After adjusting to the extreme heat and humidity in Kochi, our team packed up and departed for Kozhimala, the village that was hosting our stay. It was a long drive up a windy road into the Western Ghat mountains, but offered jaw dropping views the entire way. Not to mention, the higher we climbed, the cooler it became. We were greeted in the village by so many new faces that would become our great friends in the weeks to come. For many team members, this first village meal came as a shock, as we realized that for the next month, we'd be eating with our hands. Some dove right in while others took a little while. But by the end of the month, most of us were under the impression that food definitely tastes better when you eat it with your hands, especially South Indian food. After the delicious meal, we were shown our rooms; local houses lent to us by gracious community members. We began to settle into the community that would be our home for the next month.
We set to work straight away on our project, which was the construction of several latrine facilities within the community. The latrines are built with locally sourced materials and they have a toilet and shower facility within. Our team spiit up into smaller groups, some working within Kozhimala and others taking an always eventful public bus to the neighbouring town, Murikatiguri. There was lots of heavy lifitng, rock collecting, plastering and painting. We worked so hard, that we managed to almost complete 6 latrines before our halfway point!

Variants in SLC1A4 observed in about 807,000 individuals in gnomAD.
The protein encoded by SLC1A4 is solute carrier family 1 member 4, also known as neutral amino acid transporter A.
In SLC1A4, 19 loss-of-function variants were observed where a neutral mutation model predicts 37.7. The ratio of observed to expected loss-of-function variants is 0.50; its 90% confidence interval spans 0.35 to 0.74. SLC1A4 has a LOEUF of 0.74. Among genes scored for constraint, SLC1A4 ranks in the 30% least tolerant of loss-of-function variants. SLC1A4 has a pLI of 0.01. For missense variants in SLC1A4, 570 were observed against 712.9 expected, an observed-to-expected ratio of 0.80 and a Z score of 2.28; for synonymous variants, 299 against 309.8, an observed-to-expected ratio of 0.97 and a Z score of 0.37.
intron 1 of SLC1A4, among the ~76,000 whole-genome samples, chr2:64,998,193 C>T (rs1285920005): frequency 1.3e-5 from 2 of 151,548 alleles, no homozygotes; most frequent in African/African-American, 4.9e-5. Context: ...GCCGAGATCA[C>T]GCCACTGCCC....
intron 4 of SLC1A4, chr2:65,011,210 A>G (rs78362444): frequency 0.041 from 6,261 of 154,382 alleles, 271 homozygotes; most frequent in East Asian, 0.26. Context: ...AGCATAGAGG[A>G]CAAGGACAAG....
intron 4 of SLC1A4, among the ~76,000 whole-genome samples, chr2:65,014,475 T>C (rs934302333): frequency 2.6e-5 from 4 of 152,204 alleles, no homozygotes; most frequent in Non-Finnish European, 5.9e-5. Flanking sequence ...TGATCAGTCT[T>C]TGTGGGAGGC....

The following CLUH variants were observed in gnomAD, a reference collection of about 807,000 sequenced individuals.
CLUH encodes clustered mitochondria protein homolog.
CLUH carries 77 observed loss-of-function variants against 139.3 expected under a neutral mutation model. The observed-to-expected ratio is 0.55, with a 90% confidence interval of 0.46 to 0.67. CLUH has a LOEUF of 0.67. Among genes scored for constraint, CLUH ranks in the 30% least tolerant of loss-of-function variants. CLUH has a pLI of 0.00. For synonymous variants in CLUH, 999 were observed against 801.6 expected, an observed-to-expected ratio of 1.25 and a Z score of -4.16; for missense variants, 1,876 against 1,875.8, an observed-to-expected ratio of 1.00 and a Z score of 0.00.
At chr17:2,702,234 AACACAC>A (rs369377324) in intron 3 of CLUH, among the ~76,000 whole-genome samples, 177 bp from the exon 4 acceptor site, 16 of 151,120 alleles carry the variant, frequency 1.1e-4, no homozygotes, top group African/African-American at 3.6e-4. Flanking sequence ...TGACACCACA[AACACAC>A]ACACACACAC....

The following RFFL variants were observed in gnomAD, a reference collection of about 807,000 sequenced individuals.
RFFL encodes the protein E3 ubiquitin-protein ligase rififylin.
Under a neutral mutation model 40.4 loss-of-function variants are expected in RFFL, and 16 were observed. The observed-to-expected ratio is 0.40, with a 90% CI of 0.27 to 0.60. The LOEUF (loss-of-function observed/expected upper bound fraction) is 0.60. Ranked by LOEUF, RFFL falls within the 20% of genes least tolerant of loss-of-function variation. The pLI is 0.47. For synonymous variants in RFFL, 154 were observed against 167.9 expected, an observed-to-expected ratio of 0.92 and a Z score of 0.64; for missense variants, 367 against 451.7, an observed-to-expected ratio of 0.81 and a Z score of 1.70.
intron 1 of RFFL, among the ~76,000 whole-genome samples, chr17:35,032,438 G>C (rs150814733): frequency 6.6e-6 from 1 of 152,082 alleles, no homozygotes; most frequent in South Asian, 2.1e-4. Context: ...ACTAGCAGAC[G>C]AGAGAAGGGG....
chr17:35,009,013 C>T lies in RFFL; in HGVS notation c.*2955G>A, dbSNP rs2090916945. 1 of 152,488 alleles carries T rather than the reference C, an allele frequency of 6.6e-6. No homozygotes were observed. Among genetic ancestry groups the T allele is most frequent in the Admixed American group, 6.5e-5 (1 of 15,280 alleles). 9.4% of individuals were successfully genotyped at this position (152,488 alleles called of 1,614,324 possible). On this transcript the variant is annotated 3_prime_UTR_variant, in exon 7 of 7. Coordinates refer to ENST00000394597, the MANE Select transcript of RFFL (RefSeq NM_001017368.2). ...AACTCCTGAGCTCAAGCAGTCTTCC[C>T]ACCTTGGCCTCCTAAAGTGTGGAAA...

On our days off, we spent time at the favourite spot of our team, nicknamed "the viewpoint". It was just steps from our residences, and was a great spot to read, journal, chat and just relax after a long days work. We also ventured down to a nearby lake, went into the nearest town, Kattappana, helped out in the kitchens, had many dance parties, and played lots of cards with our friends we made in the village.
The language barrier faced in this village was most definitely a vast one, as the Mannan tribe speaks a complicated dialect of Malayalam and Tammil, and very little English was spoken in the community at all. However, the friendships we made transcended language, and the language barrier was of little consequence to us during our stay. Not to mention, we got to practice our malayalam a lot!